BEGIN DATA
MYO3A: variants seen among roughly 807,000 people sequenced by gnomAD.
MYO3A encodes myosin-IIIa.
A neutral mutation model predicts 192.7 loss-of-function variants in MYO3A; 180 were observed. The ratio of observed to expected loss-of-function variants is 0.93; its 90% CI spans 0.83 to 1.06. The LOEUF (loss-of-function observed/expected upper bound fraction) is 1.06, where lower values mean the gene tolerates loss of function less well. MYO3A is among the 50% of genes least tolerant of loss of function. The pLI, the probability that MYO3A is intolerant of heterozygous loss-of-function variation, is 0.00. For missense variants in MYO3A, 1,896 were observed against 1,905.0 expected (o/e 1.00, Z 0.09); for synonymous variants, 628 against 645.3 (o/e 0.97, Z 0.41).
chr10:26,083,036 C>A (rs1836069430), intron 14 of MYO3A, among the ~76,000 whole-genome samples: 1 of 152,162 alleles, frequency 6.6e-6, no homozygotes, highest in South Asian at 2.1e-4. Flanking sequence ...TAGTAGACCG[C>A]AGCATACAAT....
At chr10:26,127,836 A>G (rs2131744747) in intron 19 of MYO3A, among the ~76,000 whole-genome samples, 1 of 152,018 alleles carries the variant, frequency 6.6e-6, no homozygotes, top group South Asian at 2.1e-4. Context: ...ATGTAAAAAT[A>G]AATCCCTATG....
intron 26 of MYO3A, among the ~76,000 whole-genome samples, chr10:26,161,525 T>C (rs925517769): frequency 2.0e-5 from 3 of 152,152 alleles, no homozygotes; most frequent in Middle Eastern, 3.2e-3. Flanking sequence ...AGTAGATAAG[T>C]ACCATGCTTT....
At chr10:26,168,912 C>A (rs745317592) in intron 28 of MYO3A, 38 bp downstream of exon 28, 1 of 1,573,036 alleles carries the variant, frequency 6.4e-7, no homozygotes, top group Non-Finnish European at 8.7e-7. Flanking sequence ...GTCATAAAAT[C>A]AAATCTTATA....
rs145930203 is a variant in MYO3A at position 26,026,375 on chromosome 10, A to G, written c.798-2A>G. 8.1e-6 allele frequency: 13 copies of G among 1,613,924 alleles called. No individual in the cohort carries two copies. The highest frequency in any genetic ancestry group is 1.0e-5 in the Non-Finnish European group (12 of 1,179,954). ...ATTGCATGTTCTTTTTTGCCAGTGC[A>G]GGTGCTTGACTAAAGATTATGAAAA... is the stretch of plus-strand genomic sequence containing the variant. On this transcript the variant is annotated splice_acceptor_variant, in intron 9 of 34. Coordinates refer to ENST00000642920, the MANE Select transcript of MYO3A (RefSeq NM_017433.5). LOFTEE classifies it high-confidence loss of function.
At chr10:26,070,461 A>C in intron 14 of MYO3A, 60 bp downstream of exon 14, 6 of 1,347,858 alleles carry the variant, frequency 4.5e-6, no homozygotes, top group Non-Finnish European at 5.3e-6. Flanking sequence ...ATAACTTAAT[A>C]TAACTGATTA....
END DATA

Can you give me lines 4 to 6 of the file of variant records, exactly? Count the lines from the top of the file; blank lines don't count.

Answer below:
chr10:26,083,036 C>A (rs1836069430), intron 14 of MYO3A, among the ~76,000 whole-genome samples: 1 of 152,162 alleles, frequency 6.6e-6, no homozygotes, highest in South Asian at 2.1e-4. Flanking sequence ...TAGTAGACCG[C>A]AGCATACAAT....
At chr10:26,127,836 A>G (rs2131744747) in intron 19 of MYO3A, among the ~76,000 whole-genome samples, 1 of 152,018 alleles carries the variant, frequency 6.6e-6, no homozygotes, top group South Asian at 2.1e-4. Context: ...ATGTAAAAAT[A>G]AATCCCTATG....
intron 26 of MYO3A, among the ~76,000 whole-genome samples, chr10:26,161,525 T>C (rs925517769): frequency 2.0e-5 from 3 of 152,152 alleles, no homozygotes; most frequent in Middle Eastern, 3.2e-3. Flanking sequence ...AGTAGATAAG[T>C]ACCATGCTTT....